would regularly meet with associates during the Prohibition
Prohibition
era. The drink the Old Fashioned
Old Fashioned
was invented in Louisville's Pendennis Club. Several major motion pictures have also been filmed in or near Louisville, including The Insider, Goldfinger, Stripes, Lawn Dogs, Elizabethtown, Demolition Man, and Secretariat. Culture[edit]

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Annual festivals and other events[edit] See also: List of attractions and events in the Louisville metropolitan area

2006 Kentucky Derby Festival
Kentucky Derby Festival
Thunder Over Louisville
Thunder Over Louisville
fireworks display as seen from the Kentucky
Kentucky
side of the Ohio River

Louisville is home to many annual cultural events. Perhaps most well-known is the Kentucky
Kentucky
Derby, held annually during the first Saturday of May. The Derby is preceded by a two-week-long Kentucky Derby Festival, which starts with the annual Thunder Over Louisville, the largest annual fireworks display in North America.[76] The Kentucky Derby Festival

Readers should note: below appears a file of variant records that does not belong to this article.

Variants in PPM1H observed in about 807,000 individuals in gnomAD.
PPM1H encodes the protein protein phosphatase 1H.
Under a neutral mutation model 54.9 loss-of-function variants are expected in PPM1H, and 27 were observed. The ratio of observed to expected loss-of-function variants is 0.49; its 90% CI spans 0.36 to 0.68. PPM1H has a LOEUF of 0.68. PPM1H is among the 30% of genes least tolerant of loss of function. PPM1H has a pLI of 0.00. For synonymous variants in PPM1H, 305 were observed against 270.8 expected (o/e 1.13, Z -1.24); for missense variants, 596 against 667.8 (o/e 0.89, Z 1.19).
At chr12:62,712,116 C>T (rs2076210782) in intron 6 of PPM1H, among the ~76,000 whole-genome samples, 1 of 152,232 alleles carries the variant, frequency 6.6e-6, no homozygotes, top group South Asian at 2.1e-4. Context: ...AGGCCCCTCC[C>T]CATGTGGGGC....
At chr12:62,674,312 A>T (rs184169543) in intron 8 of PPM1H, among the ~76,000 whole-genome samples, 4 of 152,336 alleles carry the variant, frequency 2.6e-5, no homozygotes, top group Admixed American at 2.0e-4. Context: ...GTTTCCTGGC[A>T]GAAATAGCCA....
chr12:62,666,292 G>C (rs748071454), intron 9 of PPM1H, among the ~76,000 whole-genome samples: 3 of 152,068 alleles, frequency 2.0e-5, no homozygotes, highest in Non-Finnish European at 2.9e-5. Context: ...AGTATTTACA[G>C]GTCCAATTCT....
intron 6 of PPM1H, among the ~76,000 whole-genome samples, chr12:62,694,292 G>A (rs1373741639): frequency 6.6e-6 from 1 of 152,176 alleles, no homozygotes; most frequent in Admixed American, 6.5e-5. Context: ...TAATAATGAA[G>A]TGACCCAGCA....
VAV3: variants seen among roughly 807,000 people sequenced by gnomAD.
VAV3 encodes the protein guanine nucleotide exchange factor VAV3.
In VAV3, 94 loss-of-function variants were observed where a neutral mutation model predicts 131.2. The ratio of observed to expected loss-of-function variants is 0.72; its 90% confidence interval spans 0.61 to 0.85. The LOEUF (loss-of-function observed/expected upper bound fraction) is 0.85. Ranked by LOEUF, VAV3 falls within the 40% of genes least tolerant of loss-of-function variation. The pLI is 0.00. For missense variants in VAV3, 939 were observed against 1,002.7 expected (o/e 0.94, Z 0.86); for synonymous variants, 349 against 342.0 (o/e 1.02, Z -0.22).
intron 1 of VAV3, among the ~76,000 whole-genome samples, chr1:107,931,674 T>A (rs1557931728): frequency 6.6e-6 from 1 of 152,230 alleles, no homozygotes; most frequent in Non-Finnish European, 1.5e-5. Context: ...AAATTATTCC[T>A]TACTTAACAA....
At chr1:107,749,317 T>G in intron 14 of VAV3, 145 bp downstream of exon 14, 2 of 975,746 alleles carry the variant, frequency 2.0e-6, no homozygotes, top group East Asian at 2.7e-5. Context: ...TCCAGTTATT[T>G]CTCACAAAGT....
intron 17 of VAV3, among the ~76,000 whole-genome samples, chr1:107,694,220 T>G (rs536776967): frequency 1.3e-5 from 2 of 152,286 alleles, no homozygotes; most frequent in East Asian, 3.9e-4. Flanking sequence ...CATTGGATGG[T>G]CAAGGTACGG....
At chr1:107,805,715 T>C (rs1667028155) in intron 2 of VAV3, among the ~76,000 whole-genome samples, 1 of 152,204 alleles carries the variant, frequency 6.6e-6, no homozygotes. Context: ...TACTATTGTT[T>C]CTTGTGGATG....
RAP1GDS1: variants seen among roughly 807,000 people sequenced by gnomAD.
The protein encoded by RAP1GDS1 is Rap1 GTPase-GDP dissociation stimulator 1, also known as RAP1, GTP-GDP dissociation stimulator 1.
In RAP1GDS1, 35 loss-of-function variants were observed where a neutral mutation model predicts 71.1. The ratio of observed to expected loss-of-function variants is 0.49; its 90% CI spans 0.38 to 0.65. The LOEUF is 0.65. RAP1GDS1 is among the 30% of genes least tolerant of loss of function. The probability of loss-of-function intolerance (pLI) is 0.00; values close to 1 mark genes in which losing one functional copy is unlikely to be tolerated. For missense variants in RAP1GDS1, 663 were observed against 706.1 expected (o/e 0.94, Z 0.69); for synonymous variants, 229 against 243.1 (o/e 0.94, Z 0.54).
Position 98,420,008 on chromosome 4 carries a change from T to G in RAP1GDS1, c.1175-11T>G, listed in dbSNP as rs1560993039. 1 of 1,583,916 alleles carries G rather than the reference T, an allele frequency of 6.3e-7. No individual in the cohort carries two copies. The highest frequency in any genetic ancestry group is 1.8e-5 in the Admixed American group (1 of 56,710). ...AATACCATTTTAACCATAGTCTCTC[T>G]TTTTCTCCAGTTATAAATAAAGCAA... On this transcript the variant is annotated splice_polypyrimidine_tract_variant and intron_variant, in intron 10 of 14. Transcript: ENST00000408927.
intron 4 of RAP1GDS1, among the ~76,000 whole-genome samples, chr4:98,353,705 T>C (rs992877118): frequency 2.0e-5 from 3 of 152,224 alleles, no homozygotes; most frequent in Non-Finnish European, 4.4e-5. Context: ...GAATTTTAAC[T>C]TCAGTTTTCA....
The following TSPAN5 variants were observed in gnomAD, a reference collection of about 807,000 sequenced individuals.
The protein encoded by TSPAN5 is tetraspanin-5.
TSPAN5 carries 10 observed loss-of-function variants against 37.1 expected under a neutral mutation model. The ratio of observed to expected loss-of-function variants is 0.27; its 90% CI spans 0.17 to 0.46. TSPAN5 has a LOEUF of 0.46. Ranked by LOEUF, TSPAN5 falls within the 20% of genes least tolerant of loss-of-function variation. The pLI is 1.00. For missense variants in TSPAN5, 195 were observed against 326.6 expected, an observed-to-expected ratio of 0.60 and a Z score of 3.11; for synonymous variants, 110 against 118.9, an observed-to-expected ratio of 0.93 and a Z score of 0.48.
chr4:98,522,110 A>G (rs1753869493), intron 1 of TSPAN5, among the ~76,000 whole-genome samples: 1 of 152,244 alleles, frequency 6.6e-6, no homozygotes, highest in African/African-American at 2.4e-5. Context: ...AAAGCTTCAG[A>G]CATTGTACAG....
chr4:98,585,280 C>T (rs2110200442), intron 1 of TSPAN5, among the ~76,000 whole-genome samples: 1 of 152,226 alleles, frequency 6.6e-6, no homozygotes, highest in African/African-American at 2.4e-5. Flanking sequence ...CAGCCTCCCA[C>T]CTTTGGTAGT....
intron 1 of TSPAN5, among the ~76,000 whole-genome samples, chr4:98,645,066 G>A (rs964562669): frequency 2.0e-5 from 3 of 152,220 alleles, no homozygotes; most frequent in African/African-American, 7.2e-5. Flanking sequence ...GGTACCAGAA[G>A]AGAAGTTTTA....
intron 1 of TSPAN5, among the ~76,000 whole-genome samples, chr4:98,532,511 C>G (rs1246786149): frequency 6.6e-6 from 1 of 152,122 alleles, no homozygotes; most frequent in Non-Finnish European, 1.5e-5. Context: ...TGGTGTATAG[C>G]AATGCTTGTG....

Kentucky Derby Festival
also features notable events such as the Pegasus Parade, The Great Steamboat
Steamboat
Race, Great Balloon Race, a combined marathon/mini marathon and about seventy events in total. Esquire magazine has called the Kentucky Derby
Kentucky Derby
"the biggest party in the south." Usually beginning in late February or early March is the Humana Festival
Festival
of New American Plays at Actors Theatre of Louisville, an internationally acclaimed new-play festival that lasts approximately six weeks. On Memorial Day
Memorial Day
weekend, Louisville hosts the largest annual Beatles Festival
Festival
in the world, Abbey Road on the River. The festival lasts five days and is located on the Belvedere in downtown Louisville. The summer season in Louisville also features a series of cultural events such as the Kentucky